Writing a resume is, for some individuals, a straight forward task -- develop a marketing piece that targets the right employers, with the information they want, in a format that communicates clearly. For others sitting down to write a resume appears to be an exercise in shooting in the dark. They not only do not know what types of employers they are attempting to motivate, they are not clear what skills or experiences they possess that might be valued. In either case, the development of an effective resume is the same process.
To write a resume that works, you begin by understanding the purpose of the document, how it will be read, what it does, and what it cannot do.
The resume is not a personal history. It is a concise, clearly stated outline of your education, work, and volunteer and co-curricular experience that highlights your qualifications for employment -- full time, summer, or internship. Where possible, it targets a specific audience and uses language that will connect with and motivate that audience. If you have not identified the audience you are trying to reach, you should begin by satisfying the toughest audience you have -- yourself.
The resume is a marketing document that rarely travels alone. It is most often accompanied by a cover letter that serves to further establish the specific connection between your qualifications and the needs of the potential employer. In those instances in which a letter is not included, it is most likely because you are hand-carrying the resume. Your conversation serves to describe how your qualifications "fit" the description of need that the employer has stated -- whether in a job description, an advertisement, or in a marketing brochure. Finally, the resume might be delivered by a third party -- a parent, an alum, or someone with whom you have developed a relationship through networking. It is the job of this person to connect you to the employer.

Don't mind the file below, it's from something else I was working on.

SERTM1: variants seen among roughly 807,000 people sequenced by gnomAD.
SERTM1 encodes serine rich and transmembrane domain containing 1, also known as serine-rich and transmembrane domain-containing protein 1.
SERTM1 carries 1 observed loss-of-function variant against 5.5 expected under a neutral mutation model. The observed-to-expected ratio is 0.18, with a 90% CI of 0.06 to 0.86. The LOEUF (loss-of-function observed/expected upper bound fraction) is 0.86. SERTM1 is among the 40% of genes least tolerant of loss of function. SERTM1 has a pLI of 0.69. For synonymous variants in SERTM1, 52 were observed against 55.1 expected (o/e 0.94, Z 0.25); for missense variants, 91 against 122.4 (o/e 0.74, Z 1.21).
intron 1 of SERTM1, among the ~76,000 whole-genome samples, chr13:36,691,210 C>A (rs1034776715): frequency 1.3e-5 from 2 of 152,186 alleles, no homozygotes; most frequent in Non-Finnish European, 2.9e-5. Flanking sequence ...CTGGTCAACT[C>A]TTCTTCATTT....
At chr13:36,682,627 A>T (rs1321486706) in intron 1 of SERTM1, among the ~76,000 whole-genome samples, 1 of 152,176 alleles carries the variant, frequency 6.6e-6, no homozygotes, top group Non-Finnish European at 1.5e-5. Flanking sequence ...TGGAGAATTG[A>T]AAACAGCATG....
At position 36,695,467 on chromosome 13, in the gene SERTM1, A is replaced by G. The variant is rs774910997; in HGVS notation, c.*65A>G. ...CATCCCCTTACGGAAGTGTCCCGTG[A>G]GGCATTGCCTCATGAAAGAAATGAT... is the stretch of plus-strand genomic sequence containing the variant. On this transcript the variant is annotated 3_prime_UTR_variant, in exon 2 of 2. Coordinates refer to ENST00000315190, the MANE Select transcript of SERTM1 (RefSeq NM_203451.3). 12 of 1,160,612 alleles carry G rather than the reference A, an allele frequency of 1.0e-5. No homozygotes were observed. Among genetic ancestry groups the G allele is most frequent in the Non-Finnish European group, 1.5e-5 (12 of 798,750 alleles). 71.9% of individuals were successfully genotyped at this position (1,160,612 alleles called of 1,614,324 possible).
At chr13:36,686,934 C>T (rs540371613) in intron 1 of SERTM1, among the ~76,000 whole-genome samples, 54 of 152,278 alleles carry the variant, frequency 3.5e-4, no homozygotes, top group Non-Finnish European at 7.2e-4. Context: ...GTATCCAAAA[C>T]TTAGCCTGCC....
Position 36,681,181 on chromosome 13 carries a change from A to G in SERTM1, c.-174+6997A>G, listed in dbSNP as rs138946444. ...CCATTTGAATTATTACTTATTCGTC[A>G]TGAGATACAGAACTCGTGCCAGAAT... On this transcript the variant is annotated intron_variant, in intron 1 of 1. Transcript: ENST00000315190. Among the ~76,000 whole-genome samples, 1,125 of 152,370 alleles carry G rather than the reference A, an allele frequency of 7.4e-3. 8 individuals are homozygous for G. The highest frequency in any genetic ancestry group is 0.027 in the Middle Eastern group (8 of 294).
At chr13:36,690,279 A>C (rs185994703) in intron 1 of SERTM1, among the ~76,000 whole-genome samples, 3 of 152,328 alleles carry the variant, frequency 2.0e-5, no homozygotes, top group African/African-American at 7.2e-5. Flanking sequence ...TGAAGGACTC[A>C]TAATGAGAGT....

Most resumes are read in one of two ways. In the first scenario, a person reads through one or a stack of several hundred resumes. Most readers read twice. They skim the resume seeking to understand the nature of your experience and how it might have the potential to meet their needs. Then they go back, seeking more depth which will establish the connection between their needs and you. In the second scenario, the resume is "skim-read" by computer. It is actually assessed through a keyword search. Specific qualifications, skills, traits, or languages listed in the position description are sought. The range of keywords used will vary according to the needs of the job. The can be fairly general such as: leadership, management, supervision, creative, problem solving, research. They can also be specific,: Mandarin, C++, area of concentration, GPA, editorial, performance type. The machine read resume then goes to a reader for further analysis and confirmation of the "fit."
In either case, it is important that the resume can be read quickly and that important information is described accurately and assertively. Whether you are an undergraduate, a graduating senior, or a graduate student your resume will be a presentation that documents your general qualifications which might include:
* your ability to learn quickly;
* to adapt to new environments;
* to research, analyze, and solve problems;
* to work with and/or lead a team;
* to follow instructions;
* to deal with ambiguity;
* to make decisions; and
* to communicate effectively.
Preparing to write your resume. Start by writing a comprehensive outline of all the experiences and facts you might want to include in your resume. Keep this outline as a reference while you experiment with a variety of formats and styles.